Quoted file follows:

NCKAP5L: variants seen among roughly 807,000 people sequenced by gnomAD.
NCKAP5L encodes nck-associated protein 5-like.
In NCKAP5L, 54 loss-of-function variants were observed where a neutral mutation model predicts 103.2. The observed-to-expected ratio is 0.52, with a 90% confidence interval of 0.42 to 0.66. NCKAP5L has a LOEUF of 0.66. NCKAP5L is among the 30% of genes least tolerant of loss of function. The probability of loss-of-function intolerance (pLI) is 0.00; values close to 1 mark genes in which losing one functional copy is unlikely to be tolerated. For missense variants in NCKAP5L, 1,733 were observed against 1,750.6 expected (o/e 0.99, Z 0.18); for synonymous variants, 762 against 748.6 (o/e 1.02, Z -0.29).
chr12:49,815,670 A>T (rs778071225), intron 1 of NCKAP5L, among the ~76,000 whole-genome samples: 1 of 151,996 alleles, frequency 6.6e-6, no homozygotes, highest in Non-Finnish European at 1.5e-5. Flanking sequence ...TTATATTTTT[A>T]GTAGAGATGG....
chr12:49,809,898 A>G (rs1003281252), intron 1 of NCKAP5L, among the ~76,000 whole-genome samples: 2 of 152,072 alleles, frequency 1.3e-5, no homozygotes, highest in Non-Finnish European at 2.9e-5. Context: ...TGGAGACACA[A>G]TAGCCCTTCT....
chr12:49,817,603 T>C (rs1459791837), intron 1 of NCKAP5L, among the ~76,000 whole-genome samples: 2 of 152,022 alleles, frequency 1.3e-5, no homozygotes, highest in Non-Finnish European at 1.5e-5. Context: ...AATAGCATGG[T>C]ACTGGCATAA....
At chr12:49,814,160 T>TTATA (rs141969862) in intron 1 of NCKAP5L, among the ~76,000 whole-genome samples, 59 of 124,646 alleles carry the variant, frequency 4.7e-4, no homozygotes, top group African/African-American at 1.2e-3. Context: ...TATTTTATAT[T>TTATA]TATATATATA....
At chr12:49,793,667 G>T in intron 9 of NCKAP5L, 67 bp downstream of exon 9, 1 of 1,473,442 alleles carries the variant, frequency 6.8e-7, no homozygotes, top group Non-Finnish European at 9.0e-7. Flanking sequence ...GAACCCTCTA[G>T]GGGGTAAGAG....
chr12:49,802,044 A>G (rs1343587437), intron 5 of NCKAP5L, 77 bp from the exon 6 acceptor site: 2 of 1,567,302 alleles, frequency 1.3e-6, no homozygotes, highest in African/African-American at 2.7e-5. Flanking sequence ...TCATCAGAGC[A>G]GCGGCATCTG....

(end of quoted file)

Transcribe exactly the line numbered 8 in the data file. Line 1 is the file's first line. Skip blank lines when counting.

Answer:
At chr12:49,793,667 G>T in intron 9 of NCKAP5L, 67 bp downstream of exon 9, 1 of 1,473,442 alleles carries the variant, frequency 6.8e-7, no homozygotes, top group Non-Finnish European at 9.0e-7. Flanking sequence ...GAACCCTCTA[G>T]GGGGTAAGAG....